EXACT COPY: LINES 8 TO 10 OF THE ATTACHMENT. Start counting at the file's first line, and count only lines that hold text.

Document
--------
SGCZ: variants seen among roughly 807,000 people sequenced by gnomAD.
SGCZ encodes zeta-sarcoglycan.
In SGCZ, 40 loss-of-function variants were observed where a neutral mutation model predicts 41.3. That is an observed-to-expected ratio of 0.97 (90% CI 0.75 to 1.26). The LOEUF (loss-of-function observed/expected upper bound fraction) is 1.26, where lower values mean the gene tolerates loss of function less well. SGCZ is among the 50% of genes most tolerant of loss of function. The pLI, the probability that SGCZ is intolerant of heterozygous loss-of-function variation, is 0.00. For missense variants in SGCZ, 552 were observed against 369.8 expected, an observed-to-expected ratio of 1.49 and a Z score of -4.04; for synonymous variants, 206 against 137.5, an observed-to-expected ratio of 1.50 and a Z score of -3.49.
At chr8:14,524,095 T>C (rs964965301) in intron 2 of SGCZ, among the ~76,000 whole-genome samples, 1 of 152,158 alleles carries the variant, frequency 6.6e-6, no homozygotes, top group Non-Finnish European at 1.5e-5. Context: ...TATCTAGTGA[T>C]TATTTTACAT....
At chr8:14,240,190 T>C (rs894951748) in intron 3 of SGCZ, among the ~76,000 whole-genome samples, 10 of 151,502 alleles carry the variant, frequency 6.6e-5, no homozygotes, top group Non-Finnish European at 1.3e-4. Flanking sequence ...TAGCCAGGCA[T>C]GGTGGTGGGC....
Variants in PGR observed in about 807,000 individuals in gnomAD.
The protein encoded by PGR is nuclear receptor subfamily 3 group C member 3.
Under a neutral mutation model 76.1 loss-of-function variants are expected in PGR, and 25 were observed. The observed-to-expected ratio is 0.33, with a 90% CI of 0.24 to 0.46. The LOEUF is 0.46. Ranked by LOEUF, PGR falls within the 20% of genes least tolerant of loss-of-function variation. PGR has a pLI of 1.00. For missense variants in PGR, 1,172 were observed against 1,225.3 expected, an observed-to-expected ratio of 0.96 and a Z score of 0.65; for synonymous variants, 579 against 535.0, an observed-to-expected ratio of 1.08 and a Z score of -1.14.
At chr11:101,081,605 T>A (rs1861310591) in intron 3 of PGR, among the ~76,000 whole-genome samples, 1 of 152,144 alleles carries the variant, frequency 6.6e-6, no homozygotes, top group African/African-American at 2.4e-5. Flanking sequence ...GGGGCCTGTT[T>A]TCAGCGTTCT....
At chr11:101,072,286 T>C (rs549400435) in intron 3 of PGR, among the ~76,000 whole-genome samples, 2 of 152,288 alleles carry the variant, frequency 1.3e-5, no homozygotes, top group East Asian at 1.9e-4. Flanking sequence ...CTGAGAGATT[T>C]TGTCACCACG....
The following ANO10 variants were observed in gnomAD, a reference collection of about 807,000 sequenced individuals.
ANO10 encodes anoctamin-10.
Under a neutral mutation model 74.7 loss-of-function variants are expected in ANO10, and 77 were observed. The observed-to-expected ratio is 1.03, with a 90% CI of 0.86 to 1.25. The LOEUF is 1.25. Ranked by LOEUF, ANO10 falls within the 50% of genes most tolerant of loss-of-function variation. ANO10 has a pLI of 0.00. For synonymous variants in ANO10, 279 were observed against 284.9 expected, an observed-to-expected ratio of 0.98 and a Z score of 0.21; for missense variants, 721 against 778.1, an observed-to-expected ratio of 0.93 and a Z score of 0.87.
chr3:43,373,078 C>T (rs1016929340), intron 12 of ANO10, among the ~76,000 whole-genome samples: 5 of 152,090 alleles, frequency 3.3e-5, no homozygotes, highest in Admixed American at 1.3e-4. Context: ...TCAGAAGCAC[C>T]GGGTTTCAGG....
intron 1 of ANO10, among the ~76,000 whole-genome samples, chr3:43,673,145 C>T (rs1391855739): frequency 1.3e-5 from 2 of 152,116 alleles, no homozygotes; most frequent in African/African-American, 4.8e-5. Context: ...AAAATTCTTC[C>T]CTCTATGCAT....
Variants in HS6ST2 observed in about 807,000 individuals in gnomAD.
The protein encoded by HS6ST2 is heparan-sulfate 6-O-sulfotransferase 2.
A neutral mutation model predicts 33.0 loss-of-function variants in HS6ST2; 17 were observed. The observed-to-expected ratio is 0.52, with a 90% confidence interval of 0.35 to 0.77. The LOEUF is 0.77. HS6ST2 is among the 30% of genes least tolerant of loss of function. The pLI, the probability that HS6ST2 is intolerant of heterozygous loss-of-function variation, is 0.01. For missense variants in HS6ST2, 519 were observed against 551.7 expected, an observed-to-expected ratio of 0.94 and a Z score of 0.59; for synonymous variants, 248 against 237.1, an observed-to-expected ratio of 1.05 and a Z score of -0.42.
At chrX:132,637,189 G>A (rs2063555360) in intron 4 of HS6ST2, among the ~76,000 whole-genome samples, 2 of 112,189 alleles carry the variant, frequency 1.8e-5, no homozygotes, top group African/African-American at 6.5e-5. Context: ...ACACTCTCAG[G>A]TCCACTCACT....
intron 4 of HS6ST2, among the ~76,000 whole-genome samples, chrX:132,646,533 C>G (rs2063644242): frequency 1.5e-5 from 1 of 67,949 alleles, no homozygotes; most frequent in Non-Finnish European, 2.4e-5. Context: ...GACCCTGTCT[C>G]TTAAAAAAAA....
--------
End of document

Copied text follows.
Under a neutral mutation model 76.1 loss-of-function variants are expected in PGR, and 25 were observed. The observed-to-expected ratio is 0.33, with a 90% CI of 0.24 to 0.46. The LOEUF is 0.46. Ranked by LOEUF, PGR falls within the 20% of genes least tolerant of loss-of-function variation. PGR has a pLI of 1.00. For missense variants in PGR, 1,172 were observed against 1,225.3 expected, an observed-to-expected ratio of 0.96 and a Z score of 0.65; for synonymous variants, 579 against 535.0, an observed-to-expected ratio of 1.08 and a Z score of -1.14.
At chr11:101,081,605 T>A (rs1861310591) in intron 3 of PGR, among the ~76,000 whole-genome samples, 1 of 152,144 alleles carries the variant, frequency 6.6e-6, no homozygotes, top group African/African-American at 2.4e-5. Flanking sequence ...GGGGCCTGTT[T>A]TCAGCGTTCT....
At chr11:101,072,286 T>C (rs549400435) in intron 3 of PGR, among the ~76,000 whole-genome samples, 2 of 152,288 alleles carry the variant, frequency 1.3e-5, no homozygotes, top group East Asian at 1.9e-4. Flanking sequence ...CTGAGAGATT[T>C]TGTCACCACG....